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Publisher's Summary

A propulsive tale of ambition and romance, set in the publishing world of 1980s New York and the timeless beaches of Cape Cod.

In the summer of 1987, 25-year-old Eve Rosen is an aspiring writer languishing in a low-level assistant job, unable to shake the shadow of growing up with her brilliant brother. With her professional ambitions floundering, Eve jumps at the chance to attend an early summer gathering at the Cape Cod home of famed New Yorker writer Henry Grey and his poet wife, Tillie. Dazzled by the guests and her burgeoning crush on the hosts’ artistic son, Eve lands a new job as Henry Grey’s research assistant and an invitation to Henry and Tillie’s exclusive and famed "Book Party" - where attendees dress as literary characters. But by the night of the party, Eve discovers uncomfortable truths about her summer entanglements and understands that the literary world she so desperately wanted to be a part of is not at all what it seems. 

A coming-of-age story, written with a lyrical sense of place and a profound appreciation for the sustaining power of books, The Last Book Party reveals what happens when youth and experience collide and what it takes to find your own voice.

©2019 Karen Dukess (P)2019 Macmillan Audio

Editor's Pick

It’s good to be invited, right?
"There’s a communal voyeurism we like to indulge, looking into the lives of the rich and famous to be reassured that theirs is just as—or even more—messy as ours. It’s why we love the The Great Gatsby or Crazy Rich Asians. But it’s a literary focus on that endeavor that makes Karen Dukess’s debut, The Last Book Party, summer listen catnip for bookish nerds like us, with its engaging, almost wistful, narration by Jesse Vilinsky. When young aspiring writer Eve Rosen enters the literati world of New Yorker writer Henry Grey and his poet wife Tillie, everything seems within her reach, but over the course of this summer coming-of-age tale, she finds out what we all know: There’s always more to the story."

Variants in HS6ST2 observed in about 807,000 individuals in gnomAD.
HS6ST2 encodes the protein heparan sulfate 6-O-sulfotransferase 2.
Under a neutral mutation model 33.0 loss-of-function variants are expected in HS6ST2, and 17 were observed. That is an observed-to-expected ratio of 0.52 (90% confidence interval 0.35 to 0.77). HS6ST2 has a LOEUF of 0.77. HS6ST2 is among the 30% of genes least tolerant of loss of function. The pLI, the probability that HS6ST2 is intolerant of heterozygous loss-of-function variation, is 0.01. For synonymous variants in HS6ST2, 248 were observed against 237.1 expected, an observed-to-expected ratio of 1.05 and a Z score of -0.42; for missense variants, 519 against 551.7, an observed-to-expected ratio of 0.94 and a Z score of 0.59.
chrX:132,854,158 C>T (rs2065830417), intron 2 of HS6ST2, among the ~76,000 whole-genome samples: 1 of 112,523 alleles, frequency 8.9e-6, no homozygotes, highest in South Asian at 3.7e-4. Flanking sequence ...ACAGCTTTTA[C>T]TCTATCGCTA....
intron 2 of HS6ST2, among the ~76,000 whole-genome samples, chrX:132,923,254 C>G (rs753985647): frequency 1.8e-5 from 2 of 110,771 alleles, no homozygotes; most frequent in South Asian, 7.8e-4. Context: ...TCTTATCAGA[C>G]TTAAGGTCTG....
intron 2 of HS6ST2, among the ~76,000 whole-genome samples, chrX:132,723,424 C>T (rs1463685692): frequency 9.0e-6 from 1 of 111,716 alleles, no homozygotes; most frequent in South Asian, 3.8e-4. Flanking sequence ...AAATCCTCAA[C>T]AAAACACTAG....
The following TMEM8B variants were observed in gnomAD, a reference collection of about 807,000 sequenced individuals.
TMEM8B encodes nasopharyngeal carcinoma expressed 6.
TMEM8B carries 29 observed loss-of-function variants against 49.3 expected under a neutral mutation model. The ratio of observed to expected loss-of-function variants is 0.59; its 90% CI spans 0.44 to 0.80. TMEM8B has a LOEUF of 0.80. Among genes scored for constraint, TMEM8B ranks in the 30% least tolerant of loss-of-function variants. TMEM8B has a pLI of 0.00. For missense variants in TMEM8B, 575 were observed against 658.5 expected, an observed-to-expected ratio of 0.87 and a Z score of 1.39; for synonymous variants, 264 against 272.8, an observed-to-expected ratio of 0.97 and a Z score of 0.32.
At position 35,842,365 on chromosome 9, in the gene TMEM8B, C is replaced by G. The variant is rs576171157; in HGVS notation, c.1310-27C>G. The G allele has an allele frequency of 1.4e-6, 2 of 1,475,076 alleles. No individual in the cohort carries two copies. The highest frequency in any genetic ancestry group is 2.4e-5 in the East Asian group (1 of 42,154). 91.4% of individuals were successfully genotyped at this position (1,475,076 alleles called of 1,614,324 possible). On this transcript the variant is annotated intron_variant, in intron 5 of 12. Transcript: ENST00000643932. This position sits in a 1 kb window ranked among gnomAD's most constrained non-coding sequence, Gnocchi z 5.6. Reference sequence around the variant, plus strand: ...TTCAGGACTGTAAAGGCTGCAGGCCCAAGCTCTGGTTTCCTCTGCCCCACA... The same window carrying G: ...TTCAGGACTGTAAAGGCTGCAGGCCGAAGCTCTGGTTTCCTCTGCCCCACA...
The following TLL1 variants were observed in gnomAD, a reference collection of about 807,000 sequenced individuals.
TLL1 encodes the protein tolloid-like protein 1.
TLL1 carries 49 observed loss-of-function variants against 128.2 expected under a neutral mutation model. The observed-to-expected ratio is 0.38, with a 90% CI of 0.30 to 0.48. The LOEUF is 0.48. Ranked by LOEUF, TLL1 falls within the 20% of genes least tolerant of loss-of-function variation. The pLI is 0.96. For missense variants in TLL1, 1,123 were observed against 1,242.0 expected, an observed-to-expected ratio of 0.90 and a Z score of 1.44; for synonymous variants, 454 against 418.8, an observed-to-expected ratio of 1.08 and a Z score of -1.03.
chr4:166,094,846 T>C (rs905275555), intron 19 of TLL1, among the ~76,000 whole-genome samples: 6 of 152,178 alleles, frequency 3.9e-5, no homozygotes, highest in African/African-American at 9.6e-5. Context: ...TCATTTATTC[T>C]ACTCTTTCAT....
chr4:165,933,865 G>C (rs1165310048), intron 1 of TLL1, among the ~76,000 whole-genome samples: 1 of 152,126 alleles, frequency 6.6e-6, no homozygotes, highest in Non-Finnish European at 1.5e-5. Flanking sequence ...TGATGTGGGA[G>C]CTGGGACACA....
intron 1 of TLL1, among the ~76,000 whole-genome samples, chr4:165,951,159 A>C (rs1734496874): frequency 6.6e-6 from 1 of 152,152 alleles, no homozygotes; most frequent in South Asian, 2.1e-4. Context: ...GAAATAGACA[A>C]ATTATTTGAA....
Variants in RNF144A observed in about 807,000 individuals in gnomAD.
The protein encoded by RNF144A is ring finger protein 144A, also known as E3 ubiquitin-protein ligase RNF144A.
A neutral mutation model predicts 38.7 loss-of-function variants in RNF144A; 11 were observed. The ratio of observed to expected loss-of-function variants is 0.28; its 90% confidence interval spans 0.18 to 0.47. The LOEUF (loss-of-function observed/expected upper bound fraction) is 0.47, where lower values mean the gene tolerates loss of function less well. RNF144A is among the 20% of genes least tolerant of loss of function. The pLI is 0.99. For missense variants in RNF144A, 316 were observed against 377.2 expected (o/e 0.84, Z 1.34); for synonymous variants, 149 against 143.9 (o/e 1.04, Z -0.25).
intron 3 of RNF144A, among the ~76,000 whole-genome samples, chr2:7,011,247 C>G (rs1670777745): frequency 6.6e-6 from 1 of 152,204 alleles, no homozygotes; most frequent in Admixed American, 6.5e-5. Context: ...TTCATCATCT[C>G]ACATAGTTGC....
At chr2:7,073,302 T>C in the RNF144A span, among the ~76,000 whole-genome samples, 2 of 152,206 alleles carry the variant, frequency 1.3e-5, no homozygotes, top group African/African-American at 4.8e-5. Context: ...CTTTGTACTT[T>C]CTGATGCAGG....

Abby W., Audible Editor

What listeners say about The Last Book Party

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  • Overall
    3 out of 5 stars
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Great story, distracting narration

The is a nice little story with some rather surprising turns, though the plot moved so quickly as to be a bit thin and unevenly fleshed out. The narration, however, was quite a distraction, making me wish I was reading rather than listening. In shorter sentences, the reader's pronunciation of words became clipped toward the end of the sentences, making it sound a bit like Siri at times. I normally don't notice the narration much at all (the mark of a great narrator?). In this, I became distracted initially by a very odd and repeated pronunciation of the town of Truro, which emphasized the second syllable. There were a few other instances of seemingly odd pronunciations, and because Truro is referenced constantly, I actually became angry at this seeming oversight. If it was intentional for whatever reason, it was a bad decision.

4 people found this helpful

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Like a summer vacation in Truro

Every enjoyable. The writing was good, excellent discriptions of Truro and vivid characters. At first, I found the narration a bit off-putting, but the narrator really gave each character a distinctive voice, and redeemed the early negative impression. I liked this a lot.

2 people found this helpful

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Left Me Wanting More

I really enjoyed the book and the development of the characters. But it left me feeling the autjhor either got board and decided to endit abruptly or it was the first book in a series. It certainly left we wanting to know what happend to the various charaters.

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Don't bother

What a waste of time and money. Not a single likable character and boring story line